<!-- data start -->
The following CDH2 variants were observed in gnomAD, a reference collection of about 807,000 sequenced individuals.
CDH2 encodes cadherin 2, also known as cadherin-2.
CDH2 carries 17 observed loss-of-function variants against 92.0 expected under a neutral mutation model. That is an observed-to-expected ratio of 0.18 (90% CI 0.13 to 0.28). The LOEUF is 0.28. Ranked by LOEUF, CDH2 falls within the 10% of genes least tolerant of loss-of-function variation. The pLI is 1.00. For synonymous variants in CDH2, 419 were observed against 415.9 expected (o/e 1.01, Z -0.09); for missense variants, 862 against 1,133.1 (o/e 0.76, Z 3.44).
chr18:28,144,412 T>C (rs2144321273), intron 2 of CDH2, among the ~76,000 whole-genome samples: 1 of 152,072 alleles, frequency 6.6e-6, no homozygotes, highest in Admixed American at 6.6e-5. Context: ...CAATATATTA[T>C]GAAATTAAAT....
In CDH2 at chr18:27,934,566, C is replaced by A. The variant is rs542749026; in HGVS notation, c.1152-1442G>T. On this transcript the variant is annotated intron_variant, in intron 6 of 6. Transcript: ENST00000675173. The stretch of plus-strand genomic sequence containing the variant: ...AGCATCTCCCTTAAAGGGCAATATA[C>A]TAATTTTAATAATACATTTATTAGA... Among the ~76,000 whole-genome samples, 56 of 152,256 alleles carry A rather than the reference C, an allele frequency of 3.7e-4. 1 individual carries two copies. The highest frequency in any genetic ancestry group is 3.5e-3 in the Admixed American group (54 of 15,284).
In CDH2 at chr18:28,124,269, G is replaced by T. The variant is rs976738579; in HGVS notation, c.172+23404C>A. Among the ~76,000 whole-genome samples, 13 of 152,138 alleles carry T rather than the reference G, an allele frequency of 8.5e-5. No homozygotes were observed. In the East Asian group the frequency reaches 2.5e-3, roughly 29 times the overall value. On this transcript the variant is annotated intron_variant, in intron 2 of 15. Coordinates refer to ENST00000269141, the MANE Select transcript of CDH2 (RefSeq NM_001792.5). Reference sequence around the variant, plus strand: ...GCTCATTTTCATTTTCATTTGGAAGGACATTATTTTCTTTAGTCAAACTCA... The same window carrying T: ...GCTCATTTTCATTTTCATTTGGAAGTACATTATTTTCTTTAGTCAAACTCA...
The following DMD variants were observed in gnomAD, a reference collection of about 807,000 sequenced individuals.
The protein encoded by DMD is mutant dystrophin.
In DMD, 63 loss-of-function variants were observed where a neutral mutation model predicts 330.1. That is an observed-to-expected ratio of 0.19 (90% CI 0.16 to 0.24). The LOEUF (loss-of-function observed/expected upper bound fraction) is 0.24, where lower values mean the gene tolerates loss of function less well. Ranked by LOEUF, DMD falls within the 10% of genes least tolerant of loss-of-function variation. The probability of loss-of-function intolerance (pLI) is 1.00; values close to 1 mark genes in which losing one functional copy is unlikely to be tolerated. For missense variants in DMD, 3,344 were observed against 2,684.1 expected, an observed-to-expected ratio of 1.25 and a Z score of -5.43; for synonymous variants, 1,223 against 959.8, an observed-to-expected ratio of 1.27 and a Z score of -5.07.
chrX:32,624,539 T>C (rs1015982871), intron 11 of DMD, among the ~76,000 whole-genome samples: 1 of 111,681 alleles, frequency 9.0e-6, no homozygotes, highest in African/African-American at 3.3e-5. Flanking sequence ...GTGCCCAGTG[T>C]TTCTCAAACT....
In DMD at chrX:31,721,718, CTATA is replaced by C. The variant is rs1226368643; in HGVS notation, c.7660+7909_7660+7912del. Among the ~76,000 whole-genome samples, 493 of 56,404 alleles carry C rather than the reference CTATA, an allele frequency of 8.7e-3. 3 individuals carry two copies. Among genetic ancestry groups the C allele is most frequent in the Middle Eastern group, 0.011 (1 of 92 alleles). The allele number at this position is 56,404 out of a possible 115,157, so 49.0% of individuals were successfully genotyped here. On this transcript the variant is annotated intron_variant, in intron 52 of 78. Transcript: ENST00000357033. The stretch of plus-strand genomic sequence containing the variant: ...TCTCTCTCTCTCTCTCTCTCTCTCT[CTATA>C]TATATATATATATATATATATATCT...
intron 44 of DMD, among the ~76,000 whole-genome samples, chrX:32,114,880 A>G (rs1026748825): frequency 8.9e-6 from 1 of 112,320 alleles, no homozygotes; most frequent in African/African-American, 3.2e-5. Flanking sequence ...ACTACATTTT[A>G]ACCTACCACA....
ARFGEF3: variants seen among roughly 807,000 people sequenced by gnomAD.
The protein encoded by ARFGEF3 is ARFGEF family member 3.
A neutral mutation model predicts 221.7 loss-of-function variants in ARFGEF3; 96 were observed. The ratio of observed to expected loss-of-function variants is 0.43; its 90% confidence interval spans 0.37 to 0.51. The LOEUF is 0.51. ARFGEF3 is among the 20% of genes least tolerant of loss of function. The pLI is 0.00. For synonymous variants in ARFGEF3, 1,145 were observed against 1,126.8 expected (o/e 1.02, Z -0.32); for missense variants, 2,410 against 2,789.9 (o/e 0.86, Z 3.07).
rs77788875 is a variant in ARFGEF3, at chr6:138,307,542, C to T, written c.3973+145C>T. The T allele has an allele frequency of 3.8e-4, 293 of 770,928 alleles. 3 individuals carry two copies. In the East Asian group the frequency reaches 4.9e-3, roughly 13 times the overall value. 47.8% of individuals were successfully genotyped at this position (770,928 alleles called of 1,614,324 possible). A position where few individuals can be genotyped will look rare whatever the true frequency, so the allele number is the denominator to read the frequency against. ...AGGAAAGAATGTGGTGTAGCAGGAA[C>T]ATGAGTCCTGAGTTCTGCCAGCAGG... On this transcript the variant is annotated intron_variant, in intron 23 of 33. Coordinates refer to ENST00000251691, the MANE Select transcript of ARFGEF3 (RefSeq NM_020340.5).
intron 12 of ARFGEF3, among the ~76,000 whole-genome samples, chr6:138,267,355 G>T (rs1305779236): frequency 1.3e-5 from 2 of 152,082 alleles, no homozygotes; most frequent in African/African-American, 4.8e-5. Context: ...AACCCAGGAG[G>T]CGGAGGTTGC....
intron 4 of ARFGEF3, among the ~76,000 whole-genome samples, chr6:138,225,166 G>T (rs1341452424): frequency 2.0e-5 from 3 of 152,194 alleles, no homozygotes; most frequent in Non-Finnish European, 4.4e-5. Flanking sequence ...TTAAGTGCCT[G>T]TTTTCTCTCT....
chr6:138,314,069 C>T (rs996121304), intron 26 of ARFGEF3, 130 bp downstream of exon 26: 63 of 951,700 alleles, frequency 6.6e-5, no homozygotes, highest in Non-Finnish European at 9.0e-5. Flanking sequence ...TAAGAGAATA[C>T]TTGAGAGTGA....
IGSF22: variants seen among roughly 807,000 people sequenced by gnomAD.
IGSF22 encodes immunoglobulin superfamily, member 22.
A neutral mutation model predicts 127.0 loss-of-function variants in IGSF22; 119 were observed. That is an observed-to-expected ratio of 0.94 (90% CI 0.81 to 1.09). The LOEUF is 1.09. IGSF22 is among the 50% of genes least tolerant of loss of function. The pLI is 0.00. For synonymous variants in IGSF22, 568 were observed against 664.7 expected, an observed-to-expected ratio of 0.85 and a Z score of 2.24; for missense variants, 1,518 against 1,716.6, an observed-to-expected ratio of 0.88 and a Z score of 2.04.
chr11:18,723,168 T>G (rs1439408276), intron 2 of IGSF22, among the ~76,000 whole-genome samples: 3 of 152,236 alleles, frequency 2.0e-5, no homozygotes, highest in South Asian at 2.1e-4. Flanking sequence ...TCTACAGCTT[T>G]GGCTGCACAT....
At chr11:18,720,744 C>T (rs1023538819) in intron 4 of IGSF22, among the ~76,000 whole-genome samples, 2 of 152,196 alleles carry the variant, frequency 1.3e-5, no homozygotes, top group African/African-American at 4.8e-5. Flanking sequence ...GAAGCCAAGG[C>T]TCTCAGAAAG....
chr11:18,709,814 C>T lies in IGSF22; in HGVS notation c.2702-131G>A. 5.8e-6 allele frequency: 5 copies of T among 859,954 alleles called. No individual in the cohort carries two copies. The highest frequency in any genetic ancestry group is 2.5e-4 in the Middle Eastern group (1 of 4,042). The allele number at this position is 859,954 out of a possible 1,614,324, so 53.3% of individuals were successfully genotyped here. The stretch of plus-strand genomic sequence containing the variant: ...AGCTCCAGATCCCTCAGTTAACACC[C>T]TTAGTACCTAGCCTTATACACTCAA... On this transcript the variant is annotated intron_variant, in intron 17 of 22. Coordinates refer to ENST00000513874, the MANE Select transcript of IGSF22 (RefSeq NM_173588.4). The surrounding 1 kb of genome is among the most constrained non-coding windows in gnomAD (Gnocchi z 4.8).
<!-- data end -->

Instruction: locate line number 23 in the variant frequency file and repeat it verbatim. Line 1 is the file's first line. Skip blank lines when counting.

chr11:18,723,168 T>G (rs1439408276), intron 2 of IGSF22, among the ~76,000 whole-genome samples: 3 of 152,236 alleles, frequency 2.0e-5, no homozygotes, highest in South Asian at 2.1e-4. Flanking sequence ...TCTACAGCTT[T>G]GGCTGCACAT....